Surimono for a Joruri Performance

This picture illustrates a group gathering around a fishmonger who prepares fresh fish for sashimi. To the left, a lower class prostitute offers a large dish to receive some fish, perhaps for the man at the left, who looks longingly at the elegant, graceful courtesan who glances demurely over her shoulder as she holds a parasol. The “night hawk” overhead proclaims the erotic theme of this scene. This large sheet is printed with an illustration on one half and an illustration in 180 degree reverse orientation on the other half. The sheet was designed to be folded horizontally so the picture would be on one side and the inscription could be read on the other. The text provides the names of many groups from various locales, which suggests that this surimono was commissioned to commemorate a special performance.

Maker(s)
Artist: Utagawa Kuninao 歌川国直 (1793-1854)
Historical period(s)
Edo period, ca. 1820
Medium
Woodblock print; ink and color on paper
Dimensions
H x W (sheet and image): 39.3 x 53.5 cm (15 1/2 x 21 1/16 in)
Geography
Japan
Credit Line
Gift of John Fuegi and Jo Francis
Collection
Freer Gallery of Art
Accession Number
F2002.14
On View Location
Currently not on view
Classification(s)
Print
Type

Woodblock print

Keywords
courtesan, Edo period (1615 - 1868), fish, Japan, man, surimono, umbrella, WWII-era provenance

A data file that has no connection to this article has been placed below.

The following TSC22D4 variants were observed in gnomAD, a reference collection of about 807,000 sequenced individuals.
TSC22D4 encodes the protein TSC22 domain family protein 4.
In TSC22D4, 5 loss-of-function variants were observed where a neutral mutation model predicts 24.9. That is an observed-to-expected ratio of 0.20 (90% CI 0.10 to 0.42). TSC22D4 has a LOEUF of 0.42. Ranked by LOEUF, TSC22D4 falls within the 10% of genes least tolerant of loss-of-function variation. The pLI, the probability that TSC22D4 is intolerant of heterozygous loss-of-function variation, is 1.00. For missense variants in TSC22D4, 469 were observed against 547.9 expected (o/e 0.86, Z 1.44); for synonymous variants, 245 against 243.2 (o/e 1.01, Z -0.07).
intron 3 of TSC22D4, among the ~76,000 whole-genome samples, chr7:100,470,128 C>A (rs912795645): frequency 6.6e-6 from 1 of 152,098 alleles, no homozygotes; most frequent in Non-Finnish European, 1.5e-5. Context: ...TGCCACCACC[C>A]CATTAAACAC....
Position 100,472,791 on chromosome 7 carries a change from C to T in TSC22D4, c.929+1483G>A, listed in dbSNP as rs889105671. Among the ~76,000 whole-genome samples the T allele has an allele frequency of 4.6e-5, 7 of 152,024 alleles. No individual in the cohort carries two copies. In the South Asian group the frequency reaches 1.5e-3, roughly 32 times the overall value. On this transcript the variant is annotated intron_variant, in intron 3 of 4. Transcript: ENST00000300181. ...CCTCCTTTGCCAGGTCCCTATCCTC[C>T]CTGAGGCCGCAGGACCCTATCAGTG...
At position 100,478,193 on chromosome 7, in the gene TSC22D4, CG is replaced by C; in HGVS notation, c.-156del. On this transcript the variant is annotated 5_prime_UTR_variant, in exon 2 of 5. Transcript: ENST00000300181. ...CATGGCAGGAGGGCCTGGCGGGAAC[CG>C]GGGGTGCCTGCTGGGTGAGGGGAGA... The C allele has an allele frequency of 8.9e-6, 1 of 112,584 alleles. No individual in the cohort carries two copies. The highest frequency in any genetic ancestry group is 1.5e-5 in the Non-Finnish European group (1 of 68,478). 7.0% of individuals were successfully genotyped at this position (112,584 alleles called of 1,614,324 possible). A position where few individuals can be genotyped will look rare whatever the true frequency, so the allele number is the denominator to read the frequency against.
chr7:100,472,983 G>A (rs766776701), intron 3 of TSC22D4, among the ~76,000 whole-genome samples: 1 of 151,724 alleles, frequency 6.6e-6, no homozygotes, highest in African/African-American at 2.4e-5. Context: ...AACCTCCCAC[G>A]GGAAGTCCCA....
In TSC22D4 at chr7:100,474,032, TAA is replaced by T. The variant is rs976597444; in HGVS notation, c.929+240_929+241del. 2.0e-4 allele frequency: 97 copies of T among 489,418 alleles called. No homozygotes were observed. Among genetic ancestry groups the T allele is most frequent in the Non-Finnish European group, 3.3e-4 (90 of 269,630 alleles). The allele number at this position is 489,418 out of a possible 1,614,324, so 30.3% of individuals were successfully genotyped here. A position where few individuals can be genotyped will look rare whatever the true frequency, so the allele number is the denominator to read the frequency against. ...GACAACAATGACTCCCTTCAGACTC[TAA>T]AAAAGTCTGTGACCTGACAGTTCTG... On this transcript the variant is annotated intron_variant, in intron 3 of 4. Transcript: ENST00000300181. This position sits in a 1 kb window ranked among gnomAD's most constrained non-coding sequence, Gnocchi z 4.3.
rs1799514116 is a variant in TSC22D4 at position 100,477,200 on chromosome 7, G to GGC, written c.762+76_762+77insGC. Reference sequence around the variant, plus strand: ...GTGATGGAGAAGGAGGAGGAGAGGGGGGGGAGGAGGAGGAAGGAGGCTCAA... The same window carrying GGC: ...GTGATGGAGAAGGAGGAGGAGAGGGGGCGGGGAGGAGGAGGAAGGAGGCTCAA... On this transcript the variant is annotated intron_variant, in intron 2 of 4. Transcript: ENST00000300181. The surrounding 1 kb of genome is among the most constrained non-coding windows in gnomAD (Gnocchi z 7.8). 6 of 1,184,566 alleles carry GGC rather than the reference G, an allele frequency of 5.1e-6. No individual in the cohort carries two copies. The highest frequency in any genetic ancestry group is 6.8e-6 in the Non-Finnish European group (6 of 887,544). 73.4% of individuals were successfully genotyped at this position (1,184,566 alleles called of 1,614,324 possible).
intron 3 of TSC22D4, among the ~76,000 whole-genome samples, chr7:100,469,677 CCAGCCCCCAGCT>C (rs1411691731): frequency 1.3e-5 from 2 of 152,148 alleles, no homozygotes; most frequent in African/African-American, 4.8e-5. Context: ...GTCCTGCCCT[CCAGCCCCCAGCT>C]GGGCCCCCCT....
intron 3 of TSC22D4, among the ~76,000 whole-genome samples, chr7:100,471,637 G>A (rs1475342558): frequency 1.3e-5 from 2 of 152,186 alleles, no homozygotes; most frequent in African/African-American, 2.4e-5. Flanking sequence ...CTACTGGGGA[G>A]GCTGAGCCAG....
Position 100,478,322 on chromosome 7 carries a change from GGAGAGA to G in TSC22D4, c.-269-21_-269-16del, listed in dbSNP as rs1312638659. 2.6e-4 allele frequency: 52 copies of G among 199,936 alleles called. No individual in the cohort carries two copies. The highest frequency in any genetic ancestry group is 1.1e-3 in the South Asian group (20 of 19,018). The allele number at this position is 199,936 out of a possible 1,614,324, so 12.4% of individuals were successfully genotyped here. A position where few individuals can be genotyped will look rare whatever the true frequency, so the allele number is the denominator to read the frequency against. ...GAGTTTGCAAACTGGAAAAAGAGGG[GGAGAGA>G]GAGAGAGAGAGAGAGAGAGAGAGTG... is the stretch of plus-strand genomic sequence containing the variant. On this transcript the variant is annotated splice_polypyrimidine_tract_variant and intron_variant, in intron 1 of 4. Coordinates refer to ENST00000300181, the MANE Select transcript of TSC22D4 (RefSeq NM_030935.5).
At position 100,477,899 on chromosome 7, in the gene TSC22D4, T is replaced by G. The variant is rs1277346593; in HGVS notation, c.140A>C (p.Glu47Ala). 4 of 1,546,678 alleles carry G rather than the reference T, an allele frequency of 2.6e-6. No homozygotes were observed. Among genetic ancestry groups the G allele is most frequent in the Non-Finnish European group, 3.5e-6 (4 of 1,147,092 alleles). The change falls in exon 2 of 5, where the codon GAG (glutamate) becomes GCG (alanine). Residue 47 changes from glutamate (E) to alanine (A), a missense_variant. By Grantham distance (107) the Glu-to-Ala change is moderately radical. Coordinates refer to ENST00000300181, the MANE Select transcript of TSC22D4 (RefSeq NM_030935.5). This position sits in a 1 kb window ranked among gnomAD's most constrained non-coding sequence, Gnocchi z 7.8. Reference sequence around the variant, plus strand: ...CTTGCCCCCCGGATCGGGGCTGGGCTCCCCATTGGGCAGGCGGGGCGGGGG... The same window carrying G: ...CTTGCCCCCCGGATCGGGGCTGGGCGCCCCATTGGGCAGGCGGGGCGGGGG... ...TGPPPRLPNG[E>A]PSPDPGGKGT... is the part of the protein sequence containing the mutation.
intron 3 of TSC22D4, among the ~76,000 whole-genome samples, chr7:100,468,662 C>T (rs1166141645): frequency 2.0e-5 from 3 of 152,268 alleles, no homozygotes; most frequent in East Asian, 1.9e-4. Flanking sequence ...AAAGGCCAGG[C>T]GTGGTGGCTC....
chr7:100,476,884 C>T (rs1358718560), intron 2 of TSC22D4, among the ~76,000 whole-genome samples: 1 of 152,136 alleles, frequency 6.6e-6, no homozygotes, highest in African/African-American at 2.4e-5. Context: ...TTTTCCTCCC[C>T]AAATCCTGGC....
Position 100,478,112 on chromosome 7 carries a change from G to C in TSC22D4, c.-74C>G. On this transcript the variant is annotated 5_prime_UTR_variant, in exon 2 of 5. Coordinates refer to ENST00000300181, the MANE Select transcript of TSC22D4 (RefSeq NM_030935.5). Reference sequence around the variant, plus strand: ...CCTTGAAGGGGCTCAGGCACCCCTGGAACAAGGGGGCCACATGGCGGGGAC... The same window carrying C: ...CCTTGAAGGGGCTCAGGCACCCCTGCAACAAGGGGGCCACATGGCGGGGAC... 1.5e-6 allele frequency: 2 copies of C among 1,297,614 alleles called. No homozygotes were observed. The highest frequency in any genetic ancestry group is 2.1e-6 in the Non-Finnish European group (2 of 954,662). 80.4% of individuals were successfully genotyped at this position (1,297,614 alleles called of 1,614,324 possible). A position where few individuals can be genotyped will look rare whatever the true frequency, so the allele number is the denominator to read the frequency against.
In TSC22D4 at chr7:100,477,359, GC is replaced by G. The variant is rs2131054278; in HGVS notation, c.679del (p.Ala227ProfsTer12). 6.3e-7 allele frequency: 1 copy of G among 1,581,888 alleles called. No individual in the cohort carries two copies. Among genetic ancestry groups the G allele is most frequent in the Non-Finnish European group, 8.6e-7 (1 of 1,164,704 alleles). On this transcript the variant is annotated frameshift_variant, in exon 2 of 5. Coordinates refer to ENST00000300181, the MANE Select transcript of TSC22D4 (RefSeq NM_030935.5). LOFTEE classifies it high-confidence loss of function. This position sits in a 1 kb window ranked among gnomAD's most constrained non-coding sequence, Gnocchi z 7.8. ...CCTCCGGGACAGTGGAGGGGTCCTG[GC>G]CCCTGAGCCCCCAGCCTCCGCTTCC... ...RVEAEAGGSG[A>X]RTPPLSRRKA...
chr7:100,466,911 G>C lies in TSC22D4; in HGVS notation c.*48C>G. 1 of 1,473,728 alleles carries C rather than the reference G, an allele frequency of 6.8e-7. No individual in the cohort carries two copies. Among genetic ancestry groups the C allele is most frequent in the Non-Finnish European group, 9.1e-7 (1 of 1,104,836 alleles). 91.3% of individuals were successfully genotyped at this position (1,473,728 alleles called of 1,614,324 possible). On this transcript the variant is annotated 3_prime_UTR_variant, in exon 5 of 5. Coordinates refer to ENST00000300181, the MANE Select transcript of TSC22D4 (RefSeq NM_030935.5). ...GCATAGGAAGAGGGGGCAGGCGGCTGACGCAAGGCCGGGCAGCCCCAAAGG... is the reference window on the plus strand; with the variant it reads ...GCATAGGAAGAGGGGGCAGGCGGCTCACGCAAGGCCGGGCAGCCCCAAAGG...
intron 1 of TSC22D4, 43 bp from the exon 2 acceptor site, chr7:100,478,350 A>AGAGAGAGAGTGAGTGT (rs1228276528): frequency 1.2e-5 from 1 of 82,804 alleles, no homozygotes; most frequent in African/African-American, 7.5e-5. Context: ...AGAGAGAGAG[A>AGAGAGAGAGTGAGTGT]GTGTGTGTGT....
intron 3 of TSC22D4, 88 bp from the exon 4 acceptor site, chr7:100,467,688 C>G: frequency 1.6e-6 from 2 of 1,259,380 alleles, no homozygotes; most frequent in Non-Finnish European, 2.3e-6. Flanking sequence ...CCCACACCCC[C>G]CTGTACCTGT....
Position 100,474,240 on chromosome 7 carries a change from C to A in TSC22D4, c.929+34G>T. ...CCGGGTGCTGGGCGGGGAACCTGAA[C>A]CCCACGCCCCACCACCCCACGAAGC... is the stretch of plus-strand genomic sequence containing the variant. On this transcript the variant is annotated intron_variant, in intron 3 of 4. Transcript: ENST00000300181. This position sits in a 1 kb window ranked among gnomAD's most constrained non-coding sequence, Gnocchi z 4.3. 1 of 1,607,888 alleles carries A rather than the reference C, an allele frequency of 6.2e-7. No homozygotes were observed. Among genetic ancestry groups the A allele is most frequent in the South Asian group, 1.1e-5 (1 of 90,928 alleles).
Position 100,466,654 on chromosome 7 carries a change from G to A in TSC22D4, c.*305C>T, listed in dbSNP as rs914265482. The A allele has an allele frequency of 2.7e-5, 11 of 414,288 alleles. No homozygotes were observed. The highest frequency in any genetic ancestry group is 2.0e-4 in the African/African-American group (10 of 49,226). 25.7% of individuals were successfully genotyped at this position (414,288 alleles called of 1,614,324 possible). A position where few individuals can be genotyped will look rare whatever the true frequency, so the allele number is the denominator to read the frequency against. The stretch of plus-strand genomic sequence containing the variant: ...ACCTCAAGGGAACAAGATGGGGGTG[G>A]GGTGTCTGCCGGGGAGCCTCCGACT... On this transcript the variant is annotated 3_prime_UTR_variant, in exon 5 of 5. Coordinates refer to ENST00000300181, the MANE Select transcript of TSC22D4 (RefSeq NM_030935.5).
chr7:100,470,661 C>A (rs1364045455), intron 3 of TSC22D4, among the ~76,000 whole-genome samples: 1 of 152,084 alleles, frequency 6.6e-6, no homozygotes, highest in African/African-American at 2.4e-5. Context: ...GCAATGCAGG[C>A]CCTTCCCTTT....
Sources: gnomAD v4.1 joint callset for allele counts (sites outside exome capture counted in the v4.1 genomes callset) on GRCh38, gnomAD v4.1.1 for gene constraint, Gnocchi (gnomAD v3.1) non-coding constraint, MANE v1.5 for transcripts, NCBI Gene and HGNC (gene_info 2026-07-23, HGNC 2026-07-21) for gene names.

Provenance

To 2002
Dr. John Fuegi, Copenhagen and Adelphi, MD, to 2002

From 2002
Freer Gallery of Art, given by Dr. John Fuegi in 2002

Previous Owner(s)

Dr. John Fuegi

Description

This picture illustrates a group gathering around a fishmonger who prepares fresh fish for sashimi. To the left, a lower class prostitute offers a large dish to receive some fish, perhaps for the man at the left, who looks longingly at the elegant, graceful courtesan who glances demurely over her shoulder as she holds a parasol. The "night hawk" overhead proclaims the erotic theme of this scene. This large sheet is printed with an illustration on one half and an illustration in 180 degree reverse orientation on the other half. The sheet was designed to be folded horizontally so the picture would be on one side and the inscription could be read on the other. The text provides the names of many groups from various locales, which suggests that this surimono was commissioned to commemorate a special performance.

Inscription(s)

The inscription concludes with the phrase, "Senshu banzai" (A thousand autumns), a wish for eternal happiness, and provides the name of a pupil of the joruri performer Takemoto Miyadodayu who sponsored the event.

Collection Area(s)
Japanese Art
Web Resources
Google Cultural Institute
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